‘The problem with safety is the topic is so vast, and you are having to deal with managers, supervisors, co-workers, different ways of thinking, different cultures and different mentalities. That is difficult because you have limited time and the people you are speaking to are busy. You have to be focused and try to use the time efficiently and effectively.’
A question of cultures
For an Algerian working for a Japanese company and training a global workforce, catering for different cultures and mentalities could have been a significant issue. But Sofiane says that aspect has been surprisingly easy.
‘Every nationality has a different culture, a different way of living. When you work with an international company like JGC you have to be open-minded and prepared to work with anybody. You have to be ready to help others to get the work done safely and on time.’
In 2016, Sofiane started on his third project for JGC – the South Satellite Revamping Project – which is developing and extending seven existing active gas and oil separation plants. Again, he spent three years providing project training but in 2019 was promoted to HSE deputy manager for the project.
‘My job now involves two important parts – office work and site visiting. The most tiring one is office work, attending daily management meetings, dealing with site managers and project managers and liaising with the JGC office in Yokohama.
‘When it comes to site work, I do random checks on the seven sites and weekly walk-throughs with management, subcontractors and HSE officers. IOSH training has helped me to understand there are mechanical hazards, chemical hazards and electrical hazards. That makes it easier for me to identify risks and the probability of injuries occurring.’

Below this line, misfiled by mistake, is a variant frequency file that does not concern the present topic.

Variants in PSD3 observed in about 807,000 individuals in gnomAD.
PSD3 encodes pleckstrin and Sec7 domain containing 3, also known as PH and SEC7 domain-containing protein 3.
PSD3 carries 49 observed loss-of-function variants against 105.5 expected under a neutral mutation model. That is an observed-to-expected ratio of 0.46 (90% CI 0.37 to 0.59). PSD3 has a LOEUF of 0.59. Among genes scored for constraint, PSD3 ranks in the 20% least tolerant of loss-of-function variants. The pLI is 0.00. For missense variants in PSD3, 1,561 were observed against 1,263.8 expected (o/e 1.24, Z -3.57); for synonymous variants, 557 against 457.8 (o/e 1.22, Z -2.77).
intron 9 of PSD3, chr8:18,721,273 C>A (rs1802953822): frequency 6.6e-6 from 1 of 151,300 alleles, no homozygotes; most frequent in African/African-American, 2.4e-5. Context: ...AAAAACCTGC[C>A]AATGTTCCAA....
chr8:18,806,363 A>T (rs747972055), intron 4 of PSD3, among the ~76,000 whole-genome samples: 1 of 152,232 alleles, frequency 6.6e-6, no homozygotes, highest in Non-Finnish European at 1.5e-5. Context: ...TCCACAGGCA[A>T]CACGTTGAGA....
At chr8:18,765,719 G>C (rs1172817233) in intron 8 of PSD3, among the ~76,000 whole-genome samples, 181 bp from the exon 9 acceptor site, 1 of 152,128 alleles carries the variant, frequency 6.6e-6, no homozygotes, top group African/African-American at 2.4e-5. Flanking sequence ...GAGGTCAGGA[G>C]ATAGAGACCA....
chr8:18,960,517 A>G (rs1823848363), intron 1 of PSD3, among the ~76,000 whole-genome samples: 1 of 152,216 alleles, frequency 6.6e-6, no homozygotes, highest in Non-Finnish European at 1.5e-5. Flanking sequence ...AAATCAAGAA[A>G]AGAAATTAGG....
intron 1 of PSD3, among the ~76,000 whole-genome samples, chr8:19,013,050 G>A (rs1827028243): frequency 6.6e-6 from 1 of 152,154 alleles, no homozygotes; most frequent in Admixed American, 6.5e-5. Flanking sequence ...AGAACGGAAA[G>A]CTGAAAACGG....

Sofiane is also able to put his IOSH training to good use in other ways.
‘In IOSH Managing Safely, there is a module about investigating incidents. When I studied this originally, I didn’t pay that much attention to it, but once I became an HSE trainer and then a deputy HSE manager, I used IOSH techniques to conduct investigations.
‘I am able to understand the management systems of the company, lead the department and deal with frontline management. I understand the importance of IOSH Managing Safely – it’s not just a piece of paper, it’s how to deal with people, how to listen to people, how to solve problems. Safety isn’t a matter of stopping the job
– it’s a matter of helping to complete the job in a safe way.’
Image Credit | IKON
Sofiane’s top tips
- Study as much as you can about safety and make sure you have all the relevant technical knowledge for the sectors you are involved in. Speak to people in the sector to get the benefit of their expertise and experience.
- Learn the techniques of teaching: how to stand, how to talk, how to present, how to prepare slides, and what resources to use.
- Go to sites as much as you can. Without real-world experience, the training will not be as effective. When you can tell your students with some certainty what they are doing on-site, it’s much more difficult for them to argue with you.